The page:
Pressure-sensitive adhesives, which typically function at room temperature, have poor bonding strengths and low cohesive strengths when compared with the thermoset adhesive materials that have conventionally been used to secure the components of semiconductor device assemblies or packages to one another. Consequently, pressure-sensitive adhesive materials are typically not used to permanently secure the components of semiconductor device assemblies or packages to one another. Rather, pressure-sensitive adhesives have been used to temporarily secure the components of semiconductor device assemblies until a more permanent means of securing can be used, such as encapsulating the assemblies in a packaging material.
The art does not teach a method that includes use of an adhesive material to at least temporarily secure the components of a semiconductor device assembly or package to one another at ambient temperature and subsequently curing the adhesive material at a relatively low cure temperature for a short period of time. Nor does the art teach semiconductor device assemblies or packages including components secured to one another with such adhesive materials.
Hybrid Adhesive Materials
Recently, a new class of hybrid adhesive material has been developed. These hybrid adhesive materials have a pressure-sensitive component and a thermosetting component. Exemplary hybrid adhesives of this type are available from 3M as Structural Bonding Tape 9244, Structural Bonding Tape 9245, and Structural Bonding Tape 9246, each of which includes an acrylic pressure-sensitive component and an epoxy thermoset component.
At room temperature, due to their pressure-sensitive adhesive components, these hybrid adhesive materials function as conventional pressure-sensitive adhesives. The bond strengths of these hybrid adhesive materials at room temperature are sufficient to temporarily secure two objects to one another. A more permanent bond between the two objects may be formed by subjecting these hybrid adhesive materials to an increased temperature, which cures the thermoset adhesive components thereof.
While these hybrid materials have been used in place of rivets, spot welds, liquid adhesives, and other permanent fasteners that are used in structural applications for large-dimensional components or objects being fabricated, they have not been used to temporarily or permanently secure the components of semiconductor device assemblies or packages to one another.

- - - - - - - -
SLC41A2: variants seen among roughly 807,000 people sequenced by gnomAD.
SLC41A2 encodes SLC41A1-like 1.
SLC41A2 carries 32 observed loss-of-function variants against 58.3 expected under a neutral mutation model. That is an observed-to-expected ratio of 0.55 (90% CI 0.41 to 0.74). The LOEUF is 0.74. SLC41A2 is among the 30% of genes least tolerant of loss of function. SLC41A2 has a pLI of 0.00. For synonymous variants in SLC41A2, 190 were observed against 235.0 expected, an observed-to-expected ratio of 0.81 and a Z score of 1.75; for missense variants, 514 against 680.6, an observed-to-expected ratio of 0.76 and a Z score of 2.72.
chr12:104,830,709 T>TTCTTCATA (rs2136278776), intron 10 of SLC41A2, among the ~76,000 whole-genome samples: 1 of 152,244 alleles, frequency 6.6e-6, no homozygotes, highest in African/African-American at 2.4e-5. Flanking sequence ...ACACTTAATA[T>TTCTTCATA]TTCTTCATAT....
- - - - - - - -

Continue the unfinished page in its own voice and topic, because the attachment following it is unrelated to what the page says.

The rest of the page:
The present invention includes a method for at least temporarily securing the components of a semiconductor device assembly or package to one another at room temperature with a hybrid adhesive material. A more permanent bond between the components may subsequently be formed by exposing at least the hybrid adhesive material to a relatively low increased temperature for a relatively short period of time.
A hybrid adhesive material that includes at least a pressure-sensitive component and a thermoset component may be used to effect the method of the present invention. As an example, the pressure-sensitive component of a hybrid adhesive useful in the method and assemblies of the present invention may comprise an acrylic adhesive material, while the thermosetting component may comprise an epoxy thermosetting adhesive material. Examples of such hybrid adhesive materials include those available from 3M as Structural Bonding Tape 9244, Structural Bonding Tape 9245, and Structural Bonding Tape 9246, each of which includes an acrylic pressure-sensitive component and an epoxy thermoset component. At room temperature, due to their pressure-sensitive components, these hybrid adhesive materials function as conventional pressure-sensitive adhesives. At increased temperatures as low as about 120° C. or less, the thermoset components of these hybrid adhesive materials cure, or set, providing a more permanent bond between adhered objects.
In use according to the present invention, the hybrid adhesive material is disposed between components of a semiconductor device assembly or package that have been aligned and that are to be secured to one another. The pressure-sensitive component of the hybrid adhesive material facilitates the formation of at least a temporary bond between the semiconductor device components at an ambient temperature, such as room temperature.
Once the semiconductor device components have been assembled and at least temporarily secured to one another with the hybrid adhesive material, the hybrid adhesive material may be subjected to an increased cure temperature for a predetermined period of time so as to cure the thermoset component of the hybrid adhesive material and to provide a more permanent, more secure bond between the semiconductor device components. Preferably, the cure temperature is sufficiently low and cure time sufficiently short so as to not substantially damage or induce thermal stresses on any of the assembled semiconductor device components. For example, the 3M hybrid adhesive materials may be cured, or set, by exposing same to a temperature of about 120° C. for about 95 minutes. Of course, higher cure temperatures may alternatively be used for shorter durations to cure the 3M hybrid adhesive materials. When cured, these hybrid adhesive materials provide a bond of sufficient strength between the assembled semiconductor device components.
The present invention also includes assemblies of semiconductor device components that include a hybrid adhesive material between at least a portion of two or more of the semiconductor device components, as well as semiconductor device packages including such assemblies.